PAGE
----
In an Ironic twist, Gambon also played a British spy in "The Good Shepherd" (2006). His codename was "The headmaster".

Most recently, he was Joe in Beckett's Eh Joe, giving two performances a night at the Duke of York's Theatre in London. He currently does the voice over to the new Guinness ads with the penguins.[5] In 2007 he played major roles in Stephen Poliakoff's Joe's Palace, and the five-part adaptation of Mrs Gaskell's Cranford novels, both for BBC TV.

Personal life


Gambon married Anne Miller when he was 22, but has always been secretive about his personal life. The couple live together in a country house in Kent. Gambon was invested by Prince Charles as a Knight Bachelor on 17 July 1998 for services to drama (Queen Elizabeth II's approval for the award was notified in the 1998 New Year Honours List) and his wife thus became Lady Gambon.[6][7] The couple have a son, Fergus, who appears as an expert on the BBC's Antiques Roadshow.

Gambon is a qualified amateur pilot, and his love of cars led to his appearance on the BBC's Top Gear programme. Gambon raced the Suzuki Liana and was driving so aggressively that it was launched into the air on the last corner of his timed lap. The final corner of the Dunsfold Park track has been named "Gambon" in his honour. He reappeared on the programme on the 4 June 2006, and set a time in the Chevrolet Lacetti of 1:50.3, a significant improvement on his previous time of 1:55. He clipped his namesake corner the second time, and when asked why by Jeremy Clarkson, replied that 'I dunno - I just do not like it'.

In February 2015, Gambon spoke for the first time of the "frightening memory loss" that had forced him to retire from the stage after 50 years. He said he has taken the "heartbreaking" decision to stop after finding he could no longer remember his lines.[8]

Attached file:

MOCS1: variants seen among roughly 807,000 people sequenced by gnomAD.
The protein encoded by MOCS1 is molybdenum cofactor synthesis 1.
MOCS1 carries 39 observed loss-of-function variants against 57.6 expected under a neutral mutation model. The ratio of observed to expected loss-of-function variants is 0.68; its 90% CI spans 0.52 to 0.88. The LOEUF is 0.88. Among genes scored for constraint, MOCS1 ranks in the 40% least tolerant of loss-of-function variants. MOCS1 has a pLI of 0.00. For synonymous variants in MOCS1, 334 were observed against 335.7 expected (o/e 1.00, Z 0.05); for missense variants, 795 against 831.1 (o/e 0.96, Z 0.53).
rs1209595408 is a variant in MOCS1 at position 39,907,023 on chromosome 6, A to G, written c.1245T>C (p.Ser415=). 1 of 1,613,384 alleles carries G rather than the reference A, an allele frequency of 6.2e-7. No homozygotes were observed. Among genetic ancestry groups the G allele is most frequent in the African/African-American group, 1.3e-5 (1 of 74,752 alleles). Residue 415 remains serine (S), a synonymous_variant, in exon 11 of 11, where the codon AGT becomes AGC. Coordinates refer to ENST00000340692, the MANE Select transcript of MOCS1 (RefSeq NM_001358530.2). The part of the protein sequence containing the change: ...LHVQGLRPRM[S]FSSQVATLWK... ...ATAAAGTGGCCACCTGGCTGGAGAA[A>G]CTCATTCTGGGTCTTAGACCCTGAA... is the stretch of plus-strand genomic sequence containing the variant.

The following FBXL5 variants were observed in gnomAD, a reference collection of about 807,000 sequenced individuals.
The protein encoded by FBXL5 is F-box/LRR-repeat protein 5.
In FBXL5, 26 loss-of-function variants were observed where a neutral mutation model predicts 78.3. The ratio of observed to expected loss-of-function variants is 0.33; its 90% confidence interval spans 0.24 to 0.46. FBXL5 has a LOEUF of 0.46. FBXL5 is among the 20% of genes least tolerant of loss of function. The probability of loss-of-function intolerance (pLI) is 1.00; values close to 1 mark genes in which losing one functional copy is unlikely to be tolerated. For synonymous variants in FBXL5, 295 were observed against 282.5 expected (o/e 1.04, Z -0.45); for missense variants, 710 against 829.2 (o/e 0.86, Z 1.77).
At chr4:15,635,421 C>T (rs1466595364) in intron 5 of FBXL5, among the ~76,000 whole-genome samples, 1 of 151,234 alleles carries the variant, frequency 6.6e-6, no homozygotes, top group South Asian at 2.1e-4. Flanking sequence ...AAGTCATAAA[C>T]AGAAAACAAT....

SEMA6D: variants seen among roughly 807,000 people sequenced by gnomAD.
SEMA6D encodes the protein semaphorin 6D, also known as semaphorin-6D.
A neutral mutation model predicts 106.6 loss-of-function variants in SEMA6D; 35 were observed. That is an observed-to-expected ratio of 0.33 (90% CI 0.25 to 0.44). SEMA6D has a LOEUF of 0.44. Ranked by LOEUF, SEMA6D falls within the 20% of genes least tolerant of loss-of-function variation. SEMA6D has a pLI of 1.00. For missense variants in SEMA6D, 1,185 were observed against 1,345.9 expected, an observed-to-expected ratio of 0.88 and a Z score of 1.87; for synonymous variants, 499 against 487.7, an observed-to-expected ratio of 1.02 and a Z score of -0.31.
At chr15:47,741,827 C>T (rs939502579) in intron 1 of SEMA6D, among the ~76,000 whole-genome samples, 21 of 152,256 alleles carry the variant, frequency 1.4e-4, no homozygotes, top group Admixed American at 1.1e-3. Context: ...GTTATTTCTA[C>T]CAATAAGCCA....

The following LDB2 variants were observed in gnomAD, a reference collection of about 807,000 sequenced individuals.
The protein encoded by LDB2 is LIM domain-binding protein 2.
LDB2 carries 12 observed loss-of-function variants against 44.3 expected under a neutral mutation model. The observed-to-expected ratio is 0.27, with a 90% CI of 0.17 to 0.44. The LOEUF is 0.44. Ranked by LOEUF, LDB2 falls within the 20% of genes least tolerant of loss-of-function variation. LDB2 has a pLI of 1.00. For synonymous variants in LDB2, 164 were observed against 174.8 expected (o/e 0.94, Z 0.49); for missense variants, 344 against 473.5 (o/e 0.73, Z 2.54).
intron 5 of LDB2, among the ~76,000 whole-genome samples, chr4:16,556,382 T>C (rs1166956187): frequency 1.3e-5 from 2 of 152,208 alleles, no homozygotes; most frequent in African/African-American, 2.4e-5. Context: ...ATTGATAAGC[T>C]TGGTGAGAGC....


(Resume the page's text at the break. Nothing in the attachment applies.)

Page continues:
Gambon died on 27 September 2023, aged 82, after suffering from pneumonia.[9]



Cinema and television

Year Film Role Notes and awards
1965 Othello Company
1968 The Borderers (TV) Gavin Ker
1974 The Beast Must Die Jan Jarmokowski
1985 Oscar (TV) Brian Bryant
Turtle Diary George Fairbairn
1986 The Singing Detective Philip E. Marlow BAFTA TV Award

Royal Television Society Award

Broadcasting Press Guild Awards

1989 The Rachel Papers Doctor Knowd
A Dry White Season Magistrate
The Cook, The Thief, His Wife & Her Lover Albert Spica Catalonian International Film Festival Award
1991 Mobsters Salvatore Maranzano
1992 Toys General Leland Zevo Nominated - Saturn Award
1993 Maigret (TV) Inspector Maigret
1994 A Man of No Importance Ivor J. Garney
The Browning Version Dr. Frobisher
1996 Mary Reilly Mr. Reilly
1998 The Gambler Fyodor Dostoevsky
1998 Dancing at Lughnasa Father Jack Mundy
1999 Wives and Daughters (TV) Squire Hamley BAFTA TV Award

Royal Television Society Award

Plunkett & Macleane Lord Gidson
The Insider Thomas Sandefur
Sleepy Hollow Baltus Van Tassel
2000 Longitude (TV) John Harrison BAFTA TV Award
Endgame (TV) Hamm
2001 Perfect Strangers (TV) Raymond BAFTA TV Award
Charlotte Gray Levade
Gosford Park Sir William McCordle
Christmas Carol: The Movie Ghost of Christmas Present (voice)
2002 Ali G Indahouse Prime Minister
Path to War Lyndon B. Johnson Nominated - Golden Globe Award

Nominated - Emmy Award

2003 The Lost Prince Edward VII
The Actors Barreller
Deep Blue Narrator (voice)
Open Range Denton Baxter